Spotlight on Visa's

Here at LiCa we like to think we are ahead of the curve when it comes to what the chemical industry is doing.


Lately we have seen an increase in candidate applications from overseas and with that many of our candidates ask us for advice about how to get visas and which ones might be appropriate for them. 


Until now this isn’t a topic we really knew much about (and we don’t like not knowing about things) so we’ve done our research and put together this blog to outline some of the visas available in the UK and we’ve also included some links to useful resources for candidates and businesses alike.


When it comes to obtaining the right to work in the UK there are lots of different visas available and understanding which one is right can feel confusing and overwhelming, below is an outline of the most common visas and the requirements needed for each.


Global Talent Visa


The global talent visa is available to people over the age of 18 who are leaders or potential leaders in one of the following fields:


  • Academia or Research
  • Arts and Culture
  • Digital Technology


In order to qualify for this visa you either need to have been awarded one of the awards listed on the gov.uk website, see link below, or have been endorsed by a reputable organization such as the Royal Society of Chemistry.




This visa allows you to stay in the UK for up to 5 years at which point you can either apply to extend your visa or apply for ‘indefinite leave to remain’.


UK Ancestry Visa


In order to qualify for an ancestry visa you must meet all of the following requirements:


  • You are a commonwealth citizen
  • You can prove that one of your grandparents was born in the UK, the Channel Islands or the Isle of Man.
  • You are able and planning to work in the UK.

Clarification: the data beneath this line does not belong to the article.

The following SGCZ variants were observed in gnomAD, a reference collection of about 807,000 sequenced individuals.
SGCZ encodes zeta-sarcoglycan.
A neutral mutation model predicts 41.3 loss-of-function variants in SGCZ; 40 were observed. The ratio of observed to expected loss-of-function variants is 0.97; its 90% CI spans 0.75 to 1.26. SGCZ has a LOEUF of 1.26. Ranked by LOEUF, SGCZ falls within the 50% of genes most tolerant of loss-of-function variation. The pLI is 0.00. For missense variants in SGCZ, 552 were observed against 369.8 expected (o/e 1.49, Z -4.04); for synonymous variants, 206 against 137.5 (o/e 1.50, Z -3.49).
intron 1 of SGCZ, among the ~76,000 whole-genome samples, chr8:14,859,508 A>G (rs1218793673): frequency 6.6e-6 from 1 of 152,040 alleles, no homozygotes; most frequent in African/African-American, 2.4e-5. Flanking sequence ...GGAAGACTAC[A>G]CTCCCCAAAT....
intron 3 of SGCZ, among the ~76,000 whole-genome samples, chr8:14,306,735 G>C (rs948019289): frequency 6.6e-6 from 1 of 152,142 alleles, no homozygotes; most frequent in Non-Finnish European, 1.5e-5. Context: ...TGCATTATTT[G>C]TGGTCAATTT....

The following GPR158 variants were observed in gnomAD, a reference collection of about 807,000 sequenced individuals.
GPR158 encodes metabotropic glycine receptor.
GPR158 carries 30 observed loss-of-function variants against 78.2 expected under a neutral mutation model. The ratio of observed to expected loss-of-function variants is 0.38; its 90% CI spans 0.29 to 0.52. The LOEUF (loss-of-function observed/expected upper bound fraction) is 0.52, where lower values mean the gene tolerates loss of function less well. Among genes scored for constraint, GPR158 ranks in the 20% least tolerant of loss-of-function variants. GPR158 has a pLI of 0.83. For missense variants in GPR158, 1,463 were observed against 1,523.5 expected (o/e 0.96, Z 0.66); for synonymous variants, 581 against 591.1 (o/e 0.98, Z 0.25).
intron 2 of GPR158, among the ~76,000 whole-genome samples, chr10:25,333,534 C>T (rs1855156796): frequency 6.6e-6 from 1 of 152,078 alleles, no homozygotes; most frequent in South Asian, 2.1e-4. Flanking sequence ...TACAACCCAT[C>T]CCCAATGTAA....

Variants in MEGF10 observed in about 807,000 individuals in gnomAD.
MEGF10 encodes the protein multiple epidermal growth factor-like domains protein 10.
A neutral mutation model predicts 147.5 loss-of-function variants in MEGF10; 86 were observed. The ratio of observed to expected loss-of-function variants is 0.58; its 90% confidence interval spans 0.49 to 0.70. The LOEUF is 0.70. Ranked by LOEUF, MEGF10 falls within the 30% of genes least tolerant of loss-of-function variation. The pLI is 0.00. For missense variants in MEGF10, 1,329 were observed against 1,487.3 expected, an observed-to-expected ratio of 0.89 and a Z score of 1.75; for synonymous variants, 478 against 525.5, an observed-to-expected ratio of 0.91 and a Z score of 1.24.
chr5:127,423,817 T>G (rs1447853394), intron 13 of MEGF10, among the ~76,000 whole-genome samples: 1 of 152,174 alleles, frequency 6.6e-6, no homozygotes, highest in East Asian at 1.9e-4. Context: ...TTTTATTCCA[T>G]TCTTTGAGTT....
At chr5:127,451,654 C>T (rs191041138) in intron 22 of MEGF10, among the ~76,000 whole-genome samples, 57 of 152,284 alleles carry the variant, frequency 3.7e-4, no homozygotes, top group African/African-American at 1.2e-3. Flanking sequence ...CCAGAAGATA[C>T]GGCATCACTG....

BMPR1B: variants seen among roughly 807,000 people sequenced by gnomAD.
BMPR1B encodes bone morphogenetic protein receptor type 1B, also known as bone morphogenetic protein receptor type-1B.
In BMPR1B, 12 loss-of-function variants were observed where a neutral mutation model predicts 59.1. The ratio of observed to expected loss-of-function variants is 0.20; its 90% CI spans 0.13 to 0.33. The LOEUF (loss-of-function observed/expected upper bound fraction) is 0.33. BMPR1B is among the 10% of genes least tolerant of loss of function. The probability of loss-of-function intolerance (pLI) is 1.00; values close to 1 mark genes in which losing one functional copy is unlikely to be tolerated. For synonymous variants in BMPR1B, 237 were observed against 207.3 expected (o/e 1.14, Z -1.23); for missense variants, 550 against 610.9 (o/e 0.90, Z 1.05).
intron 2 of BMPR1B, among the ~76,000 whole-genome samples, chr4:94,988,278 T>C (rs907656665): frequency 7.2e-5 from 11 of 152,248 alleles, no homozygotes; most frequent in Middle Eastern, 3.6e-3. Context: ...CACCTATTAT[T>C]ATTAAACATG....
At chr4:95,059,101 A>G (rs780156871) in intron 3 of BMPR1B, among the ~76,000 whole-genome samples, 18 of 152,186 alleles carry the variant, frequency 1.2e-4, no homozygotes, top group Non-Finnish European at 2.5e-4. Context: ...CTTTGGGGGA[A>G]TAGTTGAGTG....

• You meet the eligibility requirements


This visa gives you the right to work, study and bring your partner or child to the UK.


Skilled Worker Visa


The skilled worker visa is the most commonly used visa for people to come and work from overseas and is especially useful if you are working within one of the sectors that currently has a skills shortage.


In order to qualify for a Skilled Worker Visa you must meet the following requirements:


  • Have a job offer from a UK employer who has been approved by the Home Office.
  • Have a ‘certificate of sponsorship’ from your employer with the information about the role you have been offered.
  • Do a job that is on the list of eligible occupations
  • Be paid a minimum salary – how much you need to be paid depends on the type of work but generally you must be paid the ‘going rate’ for that job.


If you change employers while working in the UK you will have to re-apply for the visa and your new employer will have to act as your sponsor.


The skilled worker visa is classed as a Tier 2 Visa is the points based system, in order to qualify you must score at least 70 points, 30 of these points depend on the certificate of sponsorship


Employer Sponsors


As previously mentioned to qualify for the skilled worker visa you need to have a sponsor so here is briefly what that entails:


  • Checking that foreign nationals have the necessary skills, qualifications, or professional accreditation to do their jobs.
  • Only assign certificates of sponsorship to workers when the job is suitable for sponsorship.
  • Tell UK Visas and Immigration (UKVI) if your sponsored workers are not complying with the conditions of their visa.


There is a fee to apply to for a sponsorship certificate which varies depending on the size of the company or organization. There is also an immigration skills charge, the cost of which varies depending on the size of the company/ organization and the length of time the visa is for (anything from 6 months to 5 years). This skills charge also may not need to be paid for certain occupations such as chemical scientists and research and development managers, for a full list of exempt occupations see the UK Gov website.




Becoming a sponsor might feel daunting as it does place a lot of responsibility on the employer however it does give companies access to a much larger pool of candidates and no one wants to think that they might be missing out on some star talent.


There is a lot of advice out there for both companies and employees when it comes to hiring from overseas, many organizations are out there to make the process simpler for both the company and the employee such as the Immigration Advice Service.




We hope this helps you navigate the complicated world of applying for Visa’s, or at the very least gave you somewhere to start!


Disclaimer - LiCa Scientific is a recruitment agency, not a law firm, and this is a summary of research into this field we've carried out as laypeople. For official advice please consult the sources linked above and the gov.uk website. 


All details current as of publication date.

Posted by: LiCa Scientific Ltd